Concrete truck Mixers
While concrete comes in bewildering array of types, one thing is certain - it's heavy. A large batch of concrete can weigh more than 30, 000 pounds (13, 608 kilograms), not counting the weight of the truck itself, anywhere from 10, 000 to 30, 000 pounds (4, 536 to 13, 608 kilograms). For a truck to haul that weight, it has to be powerful. And to get that load over the rough terrain of a construction site, the truck has to be tough.
The trucks come in three separate parts - engine, frame and mixer. Most truck companies provide the engine and frame, with amenities ranging from sleeper cab to computer navigation. The mixer, or volumetric plant, is added on at a later time. The mix-and-match approach to building trucks is aimed at giving a company - spending anywhere from $30, 000 to more than $100, 000 - a new truck built to order. Each company has specific wants and needs and requires a truck tailored to those. For example, some may need a truck with a heavier engine and a lighter drum, which could be removed at a later time and turned into a trash hauler with a few modifications.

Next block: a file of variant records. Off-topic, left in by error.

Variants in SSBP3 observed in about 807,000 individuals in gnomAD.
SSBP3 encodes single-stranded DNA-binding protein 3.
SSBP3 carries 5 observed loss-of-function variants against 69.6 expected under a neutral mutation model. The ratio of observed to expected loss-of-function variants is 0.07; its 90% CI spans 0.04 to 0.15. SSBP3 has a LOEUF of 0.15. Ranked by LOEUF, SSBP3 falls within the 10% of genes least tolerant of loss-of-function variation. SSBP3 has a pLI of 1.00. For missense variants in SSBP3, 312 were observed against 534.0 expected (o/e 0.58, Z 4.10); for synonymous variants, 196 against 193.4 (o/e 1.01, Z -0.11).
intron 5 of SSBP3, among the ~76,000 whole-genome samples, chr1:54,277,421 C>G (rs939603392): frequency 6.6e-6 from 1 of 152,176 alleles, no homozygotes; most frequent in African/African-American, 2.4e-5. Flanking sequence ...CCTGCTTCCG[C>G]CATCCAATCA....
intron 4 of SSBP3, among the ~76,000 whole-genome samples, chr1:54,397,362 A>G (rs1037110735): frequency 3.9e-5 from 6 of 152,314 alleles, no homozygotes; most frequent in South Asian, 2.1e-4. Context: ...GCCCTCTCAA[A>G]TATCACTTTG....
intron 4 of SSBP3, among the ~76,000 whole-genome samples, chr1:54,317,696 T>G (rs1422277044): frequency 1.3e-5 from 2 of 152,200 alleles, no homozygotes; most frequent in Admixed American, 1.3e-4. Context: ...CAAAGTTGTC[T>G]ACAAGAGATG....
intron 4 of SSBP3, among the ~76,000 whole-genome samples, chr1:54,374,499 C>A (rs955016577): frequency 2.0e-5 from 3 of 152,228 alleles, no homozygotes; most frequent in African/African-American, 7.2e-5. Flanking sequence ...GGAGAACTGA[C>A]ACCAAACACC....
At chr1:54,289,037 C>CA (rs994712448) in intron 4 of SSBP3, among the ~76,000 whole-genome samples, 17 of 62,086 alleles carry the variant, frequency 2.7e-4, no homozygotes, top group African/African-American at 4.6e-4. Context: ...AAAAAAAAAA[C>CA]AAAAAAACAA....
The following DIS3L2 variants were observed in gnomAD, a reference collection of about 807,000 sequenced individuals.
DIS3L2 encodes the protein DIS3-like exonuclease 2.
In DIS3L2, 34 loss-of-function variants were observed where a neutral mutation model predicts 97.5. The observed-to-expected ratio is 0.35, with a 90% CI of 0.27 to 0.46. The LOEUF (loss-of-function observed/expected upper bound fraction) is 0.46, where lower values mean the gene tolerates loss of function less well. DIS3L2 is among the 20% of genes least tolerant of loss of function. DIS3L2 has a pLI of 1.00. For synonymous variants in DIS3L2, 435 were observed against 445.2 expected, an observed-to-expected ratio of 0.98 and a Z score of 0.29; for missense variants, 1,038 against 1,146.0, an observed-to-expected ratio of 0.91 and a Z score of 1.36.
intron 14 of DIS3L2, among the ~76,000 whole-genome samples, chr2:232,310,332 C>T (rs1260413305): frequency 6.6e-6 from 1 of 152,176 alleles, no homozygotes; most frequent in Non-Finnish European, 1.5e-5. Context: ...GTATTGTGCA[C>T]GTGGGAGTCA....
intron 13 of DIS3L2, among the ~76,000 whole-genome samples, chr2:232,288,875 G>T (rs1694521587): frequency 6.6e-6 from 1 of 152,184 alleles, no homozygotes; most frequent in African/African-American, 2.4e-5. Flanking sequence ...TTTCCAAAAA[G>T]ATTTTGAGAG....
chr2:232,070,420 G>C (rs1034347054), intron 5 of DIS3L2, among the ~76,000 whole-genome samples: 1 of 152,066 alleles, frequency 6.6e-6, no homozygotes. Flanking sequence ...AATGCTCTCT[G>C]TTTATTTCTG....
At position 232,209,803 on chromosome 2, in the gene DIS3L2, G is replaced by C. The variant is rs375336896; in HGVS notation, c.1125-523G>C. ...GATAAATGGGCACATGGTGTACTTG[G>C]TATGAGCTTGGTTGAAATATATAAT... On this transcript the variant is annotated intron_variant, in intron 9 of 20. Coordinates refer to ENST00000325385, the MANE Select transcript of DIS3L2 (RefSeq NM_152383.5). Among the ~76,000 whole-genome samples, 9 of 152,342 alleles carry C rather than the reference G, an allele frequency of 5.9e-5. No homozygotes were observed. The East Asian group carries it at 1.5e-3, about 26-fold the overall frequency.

Most truck engines range from 250 to 300 horsepower, depending on the application. Some companies offer engines with more than 400 horsepower. Horsepower is a measure of power, an engine's "oomph, " in other words. The "oomph" is usually supplied by a diesel engine, most commonly manufactured by Cummins or Caterpillar. Diesel engines produce more torque at lower engine RPM than a similar gas engine, making them ideal for low-speed, high-power applications like towing or hauling. Diesels are also preferred for their longevity - many can go for a million miles (1, 609, 000 kilometers) or more with routine maintenance - as well as their ruggedness.
Unlike gas engines, diesel engines operate using compression ignition and require a heavy engine block to withstand the tremendous forces at play inside them. That same compression ignition means the engine function with a higher compression ratio within the cylinders, thereby producing more power. That power is translated to torque, or rotational power, through special gearing in the transmission - mixers have anywhere from 7 to 18 gears and can be manual or automatic, and differentials.